I'd like to talk about my own experiences a bit, this Father's Day . . .
My wife and I split up when my son was only 5 years old. I got custody of him and raised him for the next twenty five years. Single father -- now there's an under appreciated minority eh? There are no manuals or handbooks for being a parent, it's a learning experience, you grow along with your child or children, and I chose . . . poorly . . . at times. Not with bad intention, but more along the lines that I thought I could juggle all those balls and make everything come out okay.
Despite my clumsiness, things did come out okay. But given the opportunity, I would change a great many things, would have made more sacrifices, made him even more of the focus of my life than I did.
Every parent, I think, looks upon their child and sees something amazing, something magical, it it part of being a parent, and sometimes it is little more than wishful thinking. But even as a small child, I saw touches, touches of something bigger in my son, that gave me hope that he had the potential of being something amazing when he grew up.
And it wasn't just me. I love to tell this story of the days when we would go grocery shopping together. He was 13-ish at the time, looked like every other burgeoning teenager. And we would go through the aisles with our shopping cart, and always coming the other way would be a woman with a toddler or young child sitting in the child seat of her cart. When we were close enough for the other child to see us clearly, these children would lock their eyes on my son. There faces would light up, a delighted smile beaming from them. My son was great with children even at that young age, and he would smile and wave at them, and these little kids would look so happy just to see him, follow him with their eyes even after we had passed each other in the aisle, they would twist around in their seats and try to look at him. It was amazing. And it happened over and over down each aisle, every trip to the store. I've yet to hear another parent tell a similar story, though I don't doubt it may have occurred elsewhere. But it was magical, in every sense.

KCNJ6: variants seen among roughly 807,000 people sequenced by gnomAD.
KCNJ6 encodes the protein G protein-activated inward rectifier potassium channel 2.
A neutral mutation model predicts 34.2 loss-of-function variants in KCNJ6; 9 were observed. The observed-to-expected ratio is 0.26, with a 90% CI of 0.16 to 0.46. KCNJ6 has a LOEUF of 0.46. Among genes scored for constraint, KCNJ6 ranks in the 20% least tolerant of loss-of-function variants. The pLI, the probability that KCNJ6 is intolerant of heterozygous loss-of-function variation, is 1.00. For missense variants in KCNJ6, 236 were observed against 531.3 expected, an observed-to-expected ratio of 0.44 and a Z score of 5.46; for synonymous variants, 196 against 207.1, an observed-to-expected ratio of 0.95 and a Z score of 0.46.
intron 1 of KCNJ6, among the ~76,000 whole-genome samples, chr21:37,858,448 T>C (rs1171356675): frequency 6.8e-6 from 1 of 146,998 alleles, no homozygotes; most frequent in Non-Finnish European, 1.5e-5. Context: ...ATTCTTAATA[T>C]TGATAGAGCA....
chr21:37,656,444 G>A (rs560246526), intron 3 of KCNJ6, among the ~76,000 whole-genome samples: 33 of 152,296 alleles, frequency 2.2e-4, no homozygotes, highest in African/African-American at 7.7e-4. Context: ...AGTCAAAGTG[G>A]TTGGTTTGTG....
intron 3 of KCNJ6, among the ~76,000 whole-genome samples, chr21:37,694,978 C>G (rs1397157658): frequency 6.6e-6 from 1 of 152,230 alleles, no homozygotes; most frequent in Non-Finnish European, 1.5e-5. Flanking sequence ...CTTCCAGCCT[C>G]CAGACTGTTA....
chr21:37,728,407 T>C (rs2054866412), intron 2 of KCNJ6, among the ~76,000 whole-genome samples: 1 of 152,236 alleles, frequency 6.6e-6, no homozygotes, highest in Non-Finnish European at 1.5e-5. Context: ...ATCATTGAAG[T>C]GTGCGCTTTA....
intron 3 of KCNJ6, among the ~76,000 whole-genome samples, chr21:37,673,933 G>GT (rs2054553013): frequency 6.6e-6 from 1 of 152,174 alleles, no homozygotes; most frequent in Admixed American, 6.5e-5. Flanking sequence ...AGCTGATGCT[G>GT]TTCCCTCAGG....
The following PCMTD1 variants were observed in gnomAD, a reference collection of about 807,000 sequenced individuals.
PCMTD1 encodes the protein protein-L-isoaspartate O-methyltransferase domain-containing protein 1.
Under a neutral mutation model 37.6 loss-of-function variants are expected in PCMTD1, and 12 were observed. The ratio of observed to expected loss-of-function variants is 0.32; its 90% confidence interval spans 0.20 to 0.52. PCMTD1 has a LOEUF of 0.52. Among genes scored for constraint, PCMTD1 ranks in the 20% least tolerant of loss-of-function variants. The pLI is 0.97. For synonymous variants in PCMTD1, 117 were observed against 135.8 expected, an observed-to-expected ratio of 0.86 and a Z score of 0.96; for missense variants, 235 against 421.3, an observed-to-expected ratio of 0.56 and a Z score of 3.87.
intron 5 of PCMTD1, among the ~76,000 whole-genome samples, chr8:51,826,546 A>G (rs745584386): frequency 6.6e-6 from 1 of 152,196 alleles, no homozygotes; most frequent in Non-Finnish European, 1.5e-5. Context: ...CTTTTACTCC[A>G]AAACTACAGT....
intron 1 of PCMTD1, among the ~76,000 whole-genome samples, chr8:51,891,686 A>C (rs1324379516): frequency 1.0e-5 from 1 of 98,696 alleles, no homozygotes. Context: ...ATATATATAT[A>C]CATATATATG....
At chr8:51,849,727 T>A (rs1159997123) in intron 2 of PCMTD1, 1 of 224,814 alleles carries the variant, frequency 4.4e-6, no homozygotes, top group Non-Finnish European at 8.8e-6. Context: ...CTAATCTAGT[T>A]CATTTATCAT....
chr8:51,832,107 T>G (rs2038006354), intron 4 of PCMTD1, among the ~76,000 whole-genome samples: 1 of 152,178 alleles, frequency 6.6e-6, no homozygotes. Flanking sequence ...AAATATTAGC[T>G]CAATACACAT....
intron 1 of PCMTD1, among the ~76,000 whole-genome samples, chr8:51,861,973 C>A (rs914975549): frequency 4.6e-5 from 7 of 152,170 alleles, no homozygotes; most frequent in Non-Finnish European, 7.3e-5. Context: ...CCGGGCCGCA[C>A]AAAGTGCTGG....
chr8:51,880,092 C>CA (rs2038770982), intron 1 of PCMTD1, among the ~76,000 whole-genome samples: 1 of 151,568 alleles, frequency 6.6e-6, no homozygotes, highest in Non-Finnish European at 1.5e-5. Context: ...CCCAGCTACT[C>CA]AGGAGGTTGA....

And it has carried over to his interaction with his own children. He and his family live out in California, which limits my ability to visit as often as I would like. But I make every effort to get out there once a year. I only saw my own grandfather once in my life, and I have vowed not to be that kind of grandfather to my son's girls.
But sitting in his house and watching him be a father to his own children . . . I wish I could just melt into the walls and watch them forever. The patience and love, the simple business of just playing gently with them . . . he's exactly what I knew he'd become as I watched him grow up. Of course, his girls are 6 months and not quite 3 years old at the moment. And I've already joked with him that in about 12 years he's going to have two teenage daughters and a wife in her 40's . . . that's gonna be a fun household! heh
But all in all, he's grown up amazing, has more growing to do of course, we all do, but as a father, I can look upon my son as my greatest achievement. Despite my missteps and shortcomings he has become a wonderful father, husband, and man. I could not be prouder of him.
I helped bring my son into the world, set his feet upon the path . . . if nothing of note ever occurs to me in my life subsequent to this moment, I will meet my own end in peace, for I have done my job on this Earth in this lifetime.
Thank you Son, and Happy Father's Day to you.